Not according to the 4% Mortgage Club, which is based in Portsmouth. Membership of the club costs pounds 30 for an 'exclusive joining pack'. According to the literature you then have to pay pounds 10 per month. The qualifying period for mortgages is two years. The total payment is, therefore, pounds 270.
But that will not get you a mortgage. You have to persuade other people to join the club and pay their pounds 270. You will then earn commission - 'the incredible income' and be entitled to a mortgage.
The sting in the tail is that the amount of the mortgage is limited to 10 per cent of the total contributions paid to the 4% Mortgage Club by members you have recruited either directly or indirectly.
To get a mortgage of pounds 60,000, therefore, you will have to generate pounds 600,000 of subscriptions to the club.
Moreover, the minimum loan is pounds 5,000 so you must have introduced pounds 50,000 before you qualify for any mortgage at all.
According to the literature the pounds 270 is 'fully refundable'. However, you do not get money back.
At the end of two years, if you are not entirely satisfied with the mortgage available to you, 'we will refund your contributions, less commissions already paid, with goods from the Argos catalogue'.
The club has been up and running since the beginning of April. The chairman, Peter Van Dyke, claims that there are already 300 members.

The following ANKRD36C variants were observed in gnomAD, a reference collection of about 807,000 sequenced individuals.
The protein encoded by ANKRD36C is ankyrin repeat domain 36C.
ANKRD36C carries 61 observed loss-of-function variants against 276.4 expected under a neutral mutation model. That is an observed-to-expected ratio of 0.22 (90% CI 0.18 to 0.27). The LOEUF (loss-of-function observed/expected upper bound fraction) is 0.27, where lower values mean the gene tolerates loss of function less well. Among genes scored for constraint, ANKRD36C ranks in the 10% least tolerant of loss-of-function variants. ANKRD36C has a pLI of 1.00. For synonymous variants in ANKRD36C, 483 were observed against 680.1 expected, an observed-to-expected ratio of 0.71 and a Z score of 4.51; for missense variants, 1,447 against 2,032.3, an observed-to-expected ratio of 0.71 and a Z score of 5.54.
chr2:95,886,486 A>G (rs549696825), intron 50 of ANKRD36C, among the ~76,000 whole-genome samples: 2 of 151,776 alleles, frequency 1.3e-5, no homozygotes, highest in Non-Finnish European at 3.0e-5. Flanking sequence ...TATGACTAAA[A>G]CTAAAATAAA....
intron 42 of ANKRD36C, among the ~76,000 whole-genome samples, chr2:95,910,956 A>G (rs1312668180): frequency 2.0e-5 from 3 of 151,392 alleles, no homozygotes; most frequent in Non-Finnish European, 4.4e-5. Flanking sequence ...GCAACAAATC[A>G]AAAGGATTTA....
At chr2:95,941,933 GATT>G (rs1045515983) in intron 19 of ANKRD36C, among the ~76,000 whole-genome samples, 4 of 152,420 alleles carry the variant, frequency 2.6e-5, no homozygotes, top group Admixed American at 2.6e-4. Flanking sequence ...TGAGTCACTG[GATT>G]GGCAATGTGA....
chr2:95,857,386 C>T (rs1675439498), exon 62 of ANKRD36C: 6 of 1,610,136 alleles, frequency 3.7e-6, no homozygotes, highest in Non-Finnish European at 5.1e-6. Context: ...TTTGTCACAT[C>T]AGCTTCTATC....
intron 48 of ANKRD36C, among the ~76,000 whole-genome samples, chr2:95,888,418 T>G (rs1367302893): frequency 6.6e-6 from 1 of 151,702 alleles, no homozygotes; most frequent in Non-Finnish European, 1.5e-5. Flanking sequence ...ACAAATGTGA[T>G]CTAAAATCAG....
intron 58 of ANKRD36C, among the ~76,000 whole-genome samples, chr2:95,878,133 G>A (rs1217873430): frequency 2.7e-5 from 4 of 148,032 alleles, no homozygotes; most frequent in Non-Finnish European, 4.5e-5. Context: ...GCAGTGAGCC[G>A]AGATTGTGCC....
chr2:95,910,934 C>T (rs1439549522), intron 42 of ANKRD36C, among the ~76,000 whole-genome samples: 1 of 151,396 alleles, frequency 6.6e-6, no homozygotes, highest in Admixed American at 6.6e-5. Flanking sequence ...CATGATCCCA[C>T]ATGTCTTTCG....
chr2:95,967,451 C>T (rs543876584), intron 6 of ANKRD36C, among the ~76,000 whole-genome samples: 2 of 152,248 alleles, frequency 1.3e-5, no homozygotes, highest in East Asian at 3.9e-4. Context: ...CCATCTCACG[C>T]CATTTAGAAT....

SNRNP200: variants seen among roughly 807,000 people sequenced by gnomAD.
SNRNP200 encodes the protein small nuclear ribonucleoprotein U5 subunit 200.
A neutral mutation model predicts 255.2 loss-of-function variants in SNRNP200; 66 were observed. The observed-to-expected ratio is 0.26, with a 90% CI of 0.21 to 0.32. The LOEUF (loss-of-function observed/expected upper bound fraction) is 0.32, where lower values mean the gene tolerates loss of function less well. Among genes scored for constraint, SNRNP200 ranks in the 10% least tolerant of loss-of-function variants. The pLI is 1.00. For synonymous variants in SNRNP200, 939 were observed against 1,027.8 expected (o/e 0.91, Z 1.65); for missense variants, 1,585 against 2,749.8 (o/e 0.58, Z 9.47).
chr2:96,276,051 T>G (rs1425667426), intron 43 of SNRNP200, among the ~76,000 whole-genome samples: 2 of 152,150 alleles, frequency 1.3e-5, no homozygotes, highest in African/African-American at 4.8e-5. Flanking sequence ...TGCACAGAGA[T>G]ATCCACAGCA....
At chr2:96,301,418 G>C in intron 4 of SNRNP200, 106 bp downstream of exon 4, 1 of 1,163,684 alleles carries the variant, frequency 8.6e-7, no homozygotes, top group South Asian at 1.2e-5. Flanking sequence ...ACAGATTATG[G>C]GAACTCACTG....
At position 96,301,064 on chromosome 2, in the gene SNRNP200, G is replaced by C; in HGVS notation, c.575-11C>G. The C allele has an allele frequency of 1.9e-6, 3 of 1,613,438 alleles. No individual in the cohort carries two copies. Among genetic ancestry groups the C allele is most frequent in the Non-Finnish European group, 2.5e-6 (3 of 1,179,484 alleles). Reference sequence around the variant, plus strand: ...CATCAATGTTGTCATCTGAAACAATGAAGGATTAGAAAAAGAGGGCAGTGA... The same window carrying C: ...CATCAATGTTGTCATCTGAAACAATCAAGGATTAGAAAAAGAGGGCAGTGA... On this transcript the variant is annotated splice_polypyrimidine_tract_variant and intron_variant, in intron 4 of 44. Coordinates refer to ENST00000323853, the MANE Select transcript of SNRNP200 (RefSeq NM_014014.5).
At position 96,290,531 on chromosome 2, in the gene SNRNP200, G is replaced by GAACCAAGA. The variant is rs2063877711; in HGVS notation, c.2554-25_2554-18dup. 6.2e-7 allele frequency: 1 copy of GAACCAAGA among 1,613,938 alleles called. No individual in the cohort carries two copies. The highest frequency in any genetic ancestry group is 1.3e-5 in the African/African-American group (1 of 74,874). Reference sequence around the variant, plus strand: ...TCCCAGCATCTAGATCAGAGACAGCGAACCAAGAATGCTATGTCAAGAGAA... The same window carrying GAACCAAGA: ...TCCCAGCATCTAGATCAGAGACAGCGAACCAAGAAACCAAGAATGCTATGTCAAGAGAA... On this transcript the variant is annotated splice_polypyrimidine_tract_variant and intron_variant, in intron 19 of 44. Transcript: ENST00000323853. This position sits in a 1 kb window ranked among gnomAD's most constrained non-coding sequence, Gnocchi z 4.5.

When asked about the minimum pounds 50,000 of business required to get a loan of pounds 5,000, Mr Van Dyke said: 'It is very, very achievable. I have some guys already on course for mortgages in excess of pounds 100,000. The proof of the pudding is 21 months from now. That is when this company will start to rock and roll.'
Bob Imrie, the Assistant County Trading Standards Officer for Devon, is less convinced.
He said: 'You certainly need a lot of subscribers for one person to get a reasonable-size mortgage. There are other, similar schemes running elsewhere in the country and my advice is always 'be wary'.'
A spokesman for the Consumers' Association also advises that you do your sums carefully.
He said: 'If you are ever tempted by a scheme which involves you introducing other people to a company before you get the benefits that encouraged you to join, stop and think.
'Add up the number of people you will be dependent on and the time involved and ask yourself whether it is really worth it.'
Mr Van Dyke hopes the 4 per cent mortgages will be coming from the TSB Bank, where the club has three accounts. However, the rules of the club allow him to go elsewhere for funds if necessary.
Mr Van Dyke said: 'We have investors who pool their money into a central fund. When a member comes to qualify for a mortgage we then transfer that money from the pool of money. The TSB take a charge on the money, and they are happy to lend the money to my member at 4 per cent. The bank has no risk.'
Mr Van Dyke added: 'The TSB want 3.5 per cent of that 4 per cent. I take the other 0.5 per cent. Once the member has paid off the mortgage I get back the capital I deposited with the bank.'
A spokesman for the TSB said: 'This type of scheme is not endorsed by the bank at all. We are looking into it.'Reuse content